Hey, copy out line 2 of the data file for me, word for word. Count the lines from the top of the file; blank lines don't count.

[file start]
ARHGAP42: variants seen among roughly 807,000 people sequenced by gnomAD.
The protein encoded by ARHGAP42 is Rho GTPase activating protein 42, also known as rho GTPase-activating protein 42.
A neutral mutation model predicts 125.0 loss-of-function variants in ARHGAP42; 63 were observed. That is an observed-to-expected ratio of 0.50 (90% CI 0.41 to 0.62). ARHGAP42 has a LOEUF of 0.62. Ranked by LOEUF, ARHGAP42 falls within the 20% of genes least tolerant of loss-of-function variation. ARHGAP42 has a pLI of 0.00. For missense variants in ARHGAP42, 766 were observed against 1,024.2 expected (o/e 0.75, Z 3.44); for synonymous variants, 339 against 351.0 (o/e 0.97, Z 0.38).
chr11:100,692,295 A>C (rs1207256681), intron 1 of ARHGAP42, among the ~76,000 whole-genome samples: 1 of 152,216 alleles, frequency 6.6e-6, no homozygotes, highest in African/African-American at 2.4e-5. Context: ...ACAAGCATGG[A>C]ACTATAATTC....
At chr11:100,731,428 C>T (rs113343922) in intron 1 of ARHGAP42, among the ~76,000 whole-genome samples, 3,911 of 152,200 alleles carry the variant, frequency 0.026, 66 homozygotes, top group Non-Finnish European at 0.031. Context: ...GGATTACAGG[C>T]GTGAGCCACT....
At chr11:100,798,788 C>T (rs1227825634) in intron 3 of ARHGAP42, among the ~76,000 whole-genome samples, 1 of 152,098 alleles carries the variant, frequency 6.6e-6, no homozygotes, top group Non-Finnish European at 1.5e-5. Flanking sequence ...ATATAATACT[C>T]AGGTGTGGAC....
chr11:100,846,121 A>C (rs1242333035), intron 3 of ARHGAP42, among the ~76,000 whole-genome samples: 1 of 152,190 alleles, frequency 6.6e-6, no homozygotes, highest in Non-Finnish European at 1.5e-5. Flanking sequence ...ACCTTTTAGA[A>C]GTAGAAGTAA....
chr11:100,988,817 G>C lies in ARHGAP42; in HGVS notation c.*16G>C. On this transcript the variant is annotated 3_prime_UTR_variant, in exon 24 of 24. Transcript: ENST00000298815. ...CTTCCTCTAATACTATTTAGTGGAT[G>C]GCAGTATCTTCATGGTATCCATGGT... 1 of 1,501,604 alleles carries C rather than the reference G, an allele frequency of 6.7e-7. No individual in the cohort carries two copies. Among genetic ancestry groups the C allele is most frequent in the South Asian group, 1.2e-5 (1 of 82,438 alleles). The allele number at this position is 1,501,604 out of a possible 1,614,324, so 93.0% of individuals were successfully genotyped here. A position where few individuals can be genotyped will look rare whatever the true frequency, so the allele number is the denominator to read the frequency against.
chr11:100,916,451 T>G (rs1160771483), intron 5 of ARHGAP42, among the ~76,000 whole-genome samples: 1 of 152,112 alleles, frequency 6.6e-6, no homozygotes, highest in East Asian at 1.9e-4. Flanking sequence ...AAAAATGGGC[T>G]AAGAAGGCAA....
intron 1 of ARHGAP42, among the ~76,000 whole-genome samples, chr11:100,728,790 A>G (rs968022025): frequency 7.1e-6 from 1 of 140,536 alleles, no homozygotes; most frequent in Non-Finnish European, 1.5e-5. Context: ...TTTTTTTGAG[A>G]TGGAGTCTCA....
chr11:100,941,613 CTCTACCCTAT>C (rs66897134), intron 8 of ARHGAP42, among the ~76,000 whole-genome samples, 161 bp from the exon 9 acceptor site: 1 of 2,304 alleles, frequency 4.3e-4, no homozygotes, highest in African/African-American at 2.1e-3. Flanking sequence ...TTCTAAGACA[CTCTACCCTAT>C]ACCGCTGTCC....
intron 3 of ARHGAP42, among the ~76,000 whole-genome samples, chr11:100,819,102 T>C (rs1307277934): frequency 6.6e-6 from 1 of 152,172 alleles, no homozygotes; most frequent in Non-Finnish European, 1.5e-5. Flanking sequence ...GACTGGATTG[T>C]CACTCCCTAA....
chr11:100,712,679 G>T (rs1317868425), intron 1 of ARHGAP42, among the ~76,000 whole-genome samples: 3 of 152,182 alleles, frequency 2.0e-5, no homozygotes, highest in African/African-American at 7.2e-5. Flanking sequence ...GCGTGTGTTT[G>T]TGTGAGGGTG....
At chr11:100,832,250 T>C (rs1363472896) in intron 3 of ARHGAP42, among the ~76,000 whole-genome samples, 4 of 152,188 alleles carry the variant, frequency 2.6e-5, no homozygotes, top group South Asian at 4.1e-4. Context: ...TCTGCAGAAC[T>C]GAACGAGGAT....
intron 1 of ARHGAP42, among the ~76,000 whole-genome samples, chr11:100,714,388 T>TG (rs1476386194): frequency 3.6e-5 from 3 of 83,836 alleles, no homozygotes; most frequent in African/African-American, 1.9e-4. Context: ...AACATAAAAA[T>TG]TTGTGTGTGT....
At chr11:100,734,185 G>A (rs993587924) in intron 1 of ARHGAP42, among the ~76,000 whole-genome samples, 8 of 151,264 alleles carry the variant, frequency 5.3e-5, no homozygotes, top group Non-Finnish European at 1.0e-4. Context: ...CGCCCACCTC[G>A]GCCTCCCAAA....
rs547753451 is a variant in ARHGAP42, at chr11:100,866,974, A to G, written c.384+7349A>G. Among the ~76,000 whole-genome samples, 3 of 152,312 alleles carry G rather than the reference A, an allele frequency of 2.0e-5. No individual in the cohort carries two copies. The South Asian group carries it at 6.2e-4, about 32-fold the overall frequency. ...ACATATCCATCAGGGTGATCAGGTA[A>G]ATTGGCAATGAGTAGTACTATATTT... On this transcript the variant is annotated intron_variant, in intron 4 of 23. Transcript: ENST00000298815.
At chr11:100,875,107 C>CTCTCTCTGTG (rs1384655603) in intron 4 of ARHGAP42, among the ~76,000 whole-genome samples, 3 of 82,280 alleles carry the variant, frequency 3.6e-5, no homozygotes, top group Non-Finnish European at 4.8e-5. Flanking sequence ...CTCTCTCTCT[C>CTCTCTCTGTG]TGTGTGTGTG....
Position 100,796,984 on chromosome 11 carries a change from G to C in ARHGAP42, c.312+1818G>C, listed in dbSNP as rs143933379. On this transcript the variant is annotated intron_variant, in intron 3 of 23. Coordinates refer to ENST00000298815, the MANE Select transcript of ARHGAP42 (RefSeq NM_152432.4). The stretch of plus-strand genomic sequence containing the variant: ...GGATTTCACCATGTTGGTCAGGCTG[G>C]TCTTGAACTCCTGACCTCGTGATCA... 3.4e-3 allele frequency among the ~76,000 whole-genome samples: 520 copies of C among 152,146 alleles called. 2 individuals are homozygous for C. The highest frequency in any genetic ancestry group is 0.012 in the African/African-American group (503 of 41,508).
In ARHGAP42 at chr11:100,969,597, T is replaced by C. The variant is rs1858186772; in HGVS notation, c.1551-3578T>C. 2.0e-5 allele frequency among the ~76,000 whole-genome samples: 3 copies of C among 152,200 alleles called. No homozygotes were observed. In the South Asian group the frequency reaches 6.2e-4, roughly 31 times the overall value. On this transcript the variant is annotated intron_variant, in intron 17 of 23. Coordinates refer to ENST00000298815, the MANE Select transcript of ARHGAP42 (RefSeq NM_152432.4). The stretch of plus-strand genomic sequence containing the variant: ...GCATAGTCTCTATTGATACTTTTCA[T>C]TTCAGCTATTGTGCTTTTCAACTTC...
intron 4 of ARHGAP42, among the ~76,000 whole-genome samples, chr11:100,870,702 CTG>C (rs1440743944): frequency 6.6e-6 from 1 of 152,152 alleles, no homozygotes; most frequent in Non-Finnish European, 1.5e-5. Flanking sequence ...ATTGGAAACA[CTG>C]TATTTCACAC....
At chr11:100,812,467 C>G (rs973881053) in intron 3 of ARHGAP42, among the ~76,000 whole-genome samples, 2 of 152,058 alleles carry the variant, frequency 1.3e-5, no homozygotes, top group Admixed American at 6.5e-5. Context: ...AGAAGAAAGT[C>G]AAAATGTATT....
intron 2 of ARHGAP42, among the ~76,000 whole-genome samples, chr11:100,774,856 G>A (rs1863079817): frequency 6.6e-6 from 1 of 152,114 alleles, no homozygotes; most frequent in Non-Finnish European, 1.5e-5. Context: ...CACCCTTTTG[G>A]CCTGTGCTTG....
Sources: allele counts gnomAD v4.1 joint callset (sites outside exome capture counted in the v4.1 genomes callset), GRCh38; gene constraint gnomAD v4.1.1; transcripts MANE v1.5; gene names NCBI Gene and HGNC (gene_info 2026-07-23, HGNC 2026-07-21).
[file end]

The protein encoded by ARHGAP42 is Rho GTPase activating protein 42, also known as rho GTPase-activating protein 42.